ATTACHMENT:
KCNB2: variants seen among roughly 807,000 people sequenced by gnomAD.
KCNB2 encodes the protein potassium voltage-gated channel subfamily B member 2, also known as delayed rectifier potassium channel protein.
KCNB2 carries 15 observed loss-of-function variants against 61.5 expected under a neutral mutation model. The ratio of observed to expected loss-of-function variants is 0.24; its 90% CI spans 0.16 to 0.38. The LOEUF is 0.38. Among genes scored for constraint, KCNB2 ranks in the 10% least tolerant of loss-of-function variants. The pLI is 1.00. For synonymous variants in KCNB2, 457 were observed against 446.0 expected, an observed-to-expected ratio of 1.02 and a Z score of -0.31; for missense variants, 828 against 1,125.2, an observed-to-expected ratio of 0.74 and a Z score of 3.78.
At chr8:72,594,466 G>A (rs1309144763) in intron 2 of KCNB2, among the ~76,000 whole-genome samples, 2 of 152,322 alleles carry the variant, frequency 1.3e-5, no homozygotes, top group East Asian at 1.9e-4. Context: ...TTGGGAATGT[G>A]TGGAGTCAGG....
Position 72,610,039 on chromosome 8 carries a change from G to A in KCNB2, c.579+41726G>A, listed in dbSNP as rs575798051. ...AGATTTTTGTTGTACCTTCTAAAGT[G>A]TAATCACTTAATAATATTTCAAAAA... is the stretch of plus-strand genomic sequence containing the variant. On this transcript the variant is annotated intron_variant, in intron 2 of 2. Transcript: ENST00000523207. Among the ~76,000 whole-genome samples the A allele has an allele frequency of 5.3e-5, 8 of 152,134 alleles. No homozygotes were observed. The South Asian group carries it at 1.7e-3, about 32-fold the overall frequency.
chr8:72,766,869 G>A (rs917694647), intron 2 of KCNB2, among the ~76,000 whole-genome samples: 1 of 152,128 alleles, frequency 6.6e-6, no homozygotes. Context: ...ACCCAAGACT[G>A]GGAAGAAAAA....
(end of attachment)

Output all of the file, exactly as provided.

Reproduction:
KCNB2: variants seen among roughly 807,000 people sequenced by gnomAD.
KCNB2 encodes the protein potassium voltage-gated channel subfamily B member 2, also known as delayed rectifier potassium channel protein.
KCNB2 carries 15 observed loss-of-function variants against 61.5 expected under a neutral mutation model. The ratio of observed to expected loss-of-function variants is 0.24; its 90% CI spans 0.16 to 0.38. The LOEUF is 0.38. Among genes scored for constraint, KCNB2 ranks in the 10% least tolerant of loss-of-function variants. The pLI is 1.00. For synonymous variants in KCNB2, 457 were observed against 446.0 expected, an observed-to-expected ratio of 1.02 and a Z score of -0.31; for missense variants, 828 against 1,125.2, an observed-to-expected ratio of 0.74 and a Z score of 3.78.
At chr8:72,594,466 G>A (rs1309144763) in intron 2 of KCNB2, among the ~76,000 whole-genome samples, 2 of 152,322 alleles carry the variant, frequency 1.3e-5, no homozygotes, top group East Asian at 1.9e-4. Context: ...TTGGGAATGT[G>A]TGGAGTCAGG....
Position 72,610,039 on chromosome 8 carries a change from G to A in KCNB2, c.579+41726G>A, listed in dbSNP as rs575798051. ...AGATTTTTGTTGTACCTTCTAAAGT[G>A]TAATCACTTAATAATATTTCAAAAA... is the stretch of plus-strand genomic sequence containing the variant. On this transcript the variant is annotated intron_variant, in intron 2 of 2. Transcript: ENST00000523207. Among the ~76,000 whole-genome samples the A allele has an allele frequency of 5.3e-5, 8 of 152,134 alleles. No homozygotes were observed. The South Asian group carries it at 1.7e-3, about 32-fold the overall frequency.
chr8:72,766,869 G>A (rs917694647), intron 2 of KCNB2, among the ~76,000 whole-genome samples: 1 of 152,128 alleles, frequency 6.6e-6, no homozygotes. Context: ...ACCCAAGACT[G>A]GGAAGAAAAA....